2. A well-balanced comment, @atf.

    Real social damage can be done and a country can be put seriously at risk when journalists get too close to, and cover up for, the powerful.

    Here’s Christopher Hitchens — in ‘The Gentleman Delinquent’, an essay about the tragic life of a first-rate journalist, Henry Fairlie, whom he credits with inventing the term ‘the Establishment’:

    === I remember once being told that the editorial policy of The Times of London was determined by “a committee that never meets,” and Fairlie’s experiences as a writer on that newspaper were certainly of help to him in charting the various intersecting magic circles that somehow managed to exert the real power behind the scenes. But the way he made his charge stick was by pointing out that the reactionary old-boy network and all “the right people” had in fact conspired to protect the network of Communist traitors in the British Foreign Office who caused such embarrassment by disappearing and then reassembling in Moscow in the 1950s and ’60s. In the same net, therefore, he had caught both the hidebound and the subversive. This was radical journalism at its best, and Henry’s own tendencies toward the truant and the delinquent were quite probably of some use to him in making the diagnosis. ===

    http://www.nytimes.com/2009/06/14/books/review/Hitchens-t.html

  3. … About bloggers, yes, the rudeness … ‘uncouth behaviour’ … and so on, … are the price of the freedom and spontaneity, still the most unimaginably wonderful gift to many of us.

    I’ve been busy, but also thinking quietly about what can be done about bloggers’ conflicting interpretations of the same behaviour, … misunderstood intentions, … and mostly – with genuine mystification — about how people can get so mightily upset on their own behalf, or other people’s, when we’re nearly all blogging under pseudonyms, for heaven’s sake. Some with scant or no details of our offline identities. . . And as anyone alive and keenly interested in fellow-humans would agree, fully embodied people can be all but unknowable even when you _do_ know what they look like, their entire life stories and in some cases, what they have discussed with psychiatrists . . .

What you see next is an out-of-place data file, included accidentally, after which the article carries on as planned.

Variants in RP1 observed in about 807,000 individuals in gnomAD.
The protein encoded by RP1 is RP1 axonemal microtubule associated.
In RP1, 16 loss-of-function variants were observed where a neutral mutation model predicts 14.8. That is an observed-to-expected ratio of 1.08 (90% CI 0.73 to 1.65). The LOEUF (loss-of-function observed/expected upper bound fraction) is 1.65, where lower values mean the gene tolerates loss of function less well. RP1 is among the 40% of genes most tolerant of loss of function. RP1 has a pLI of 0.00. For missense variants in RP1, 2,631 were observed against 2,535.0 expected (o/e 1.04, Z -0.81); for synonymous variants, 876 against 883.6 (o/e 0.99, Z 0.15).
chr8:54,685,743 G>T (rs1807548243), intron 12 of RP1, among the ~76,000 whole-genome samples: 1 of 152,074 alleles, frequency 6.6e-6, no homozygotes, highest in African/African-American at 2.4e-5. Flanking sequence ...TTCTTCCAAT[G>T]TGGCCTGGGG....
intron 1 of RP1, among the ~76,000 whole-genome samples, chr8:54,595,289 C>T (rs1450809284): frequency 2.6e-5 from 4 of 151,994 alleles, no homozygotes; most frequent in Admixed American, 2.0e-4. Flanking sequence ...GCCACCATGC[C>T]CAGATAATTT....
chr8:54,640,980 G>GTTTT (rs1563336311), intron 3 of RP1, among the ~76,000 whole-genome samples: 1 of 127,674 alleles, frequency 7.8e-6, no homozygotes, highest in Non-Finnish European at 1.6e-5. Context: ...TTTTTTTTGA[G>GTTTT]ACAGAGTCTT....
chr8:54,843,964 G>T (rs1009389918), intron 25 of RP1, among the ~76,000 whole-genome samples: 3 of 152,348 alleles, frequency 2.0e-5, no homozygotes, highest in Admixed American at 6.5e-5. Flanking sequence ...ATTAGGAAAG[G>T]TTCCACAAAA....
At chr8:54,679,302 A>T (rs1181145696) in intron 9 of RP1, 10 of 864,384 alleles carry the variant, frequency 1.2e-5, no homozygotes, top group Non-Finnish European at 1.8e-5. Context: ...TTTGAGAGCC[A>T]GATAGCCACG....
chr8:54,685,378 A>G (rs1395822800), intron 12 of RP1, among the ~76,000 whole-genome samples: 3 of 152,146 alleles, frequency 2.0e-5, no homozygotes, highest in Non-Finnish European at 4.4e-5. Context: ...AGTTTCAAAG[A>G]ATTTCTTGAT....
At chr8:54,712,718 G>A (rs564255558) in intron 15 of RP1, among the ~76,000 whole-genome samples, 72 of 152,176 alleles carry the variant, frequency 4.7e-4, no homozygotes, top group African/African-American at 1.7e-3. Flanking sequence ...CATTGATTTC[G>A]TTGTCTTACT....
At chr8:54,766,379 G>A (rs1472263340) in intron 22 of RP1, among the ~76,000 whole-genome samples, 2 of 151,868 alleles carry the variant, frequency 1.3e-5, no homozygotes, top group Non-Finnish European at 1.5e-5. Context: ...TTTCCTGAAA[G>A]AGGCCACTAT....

Some outrageously insulting comments have been made about the person presumed to live behind your screen name and mine – but since I don’t see mine as _me_, and am not really the same person on and offline – I just find the rudeness funny and hugely revealing about the spear-throwers, or certainly the onscreen personae they’ve chosen. . .

    How @exitbarnadine can be so exercised on behalf of the would-be footwear correspondent when I haven’t the faintest idea of who lives behind the screen identity StP – and perhaps he doesn’t, either – passes all understanding.

    As for your contretemps with @Alarming last week … I have wondered whether ‘fighting Irish’ – if there’s anything to that phrase – might refer to people who, like most Italians I know, simply don’t take anyone popping off at anyone all that seriously … whereas extreme Englishness – which might or mightn’t apply to @Alarming … could mean being careful, sparing and deliberate with words, except in extremis. . . My impression is that he took your quarrel far more seriously than you did, but that you also mistook affectionate and humorous grumbling about you – earlier, before this site became a battleground — as genuine criticism.

    … Not sure what anyone running a blog can do to avert or divert these outbreaks of hostilities.

    … Nor can I relate to the enemy-of-my-enemy-is-my-friend mentality – or any form of groupthink or thinking in defensive packs, … not stopping at merely expressing agreement or disagreement, but implicitly demanding a wolf pack’s demonstrations of solidarity, such as storming off huffily.

    As I’ve said from the beginning, what I’ve been doing here is learning about this medium through experimentation – and sometimes serving as my own crash test dummy.

    . . . running the blog’s click count up and then down again by choosing one subject or another; openly taking strong positions or staying strictly neutral …and then one day, perhaps I’ll put acciaccature to bed for the last time. . . I have nearly done that more than once, only I haven’t been able to stand the thought of losing the easiest way to stay in touch with everyone who has ever posted here, whose company – with a single exception — it’s been a joy to have.

  4. anytimefrances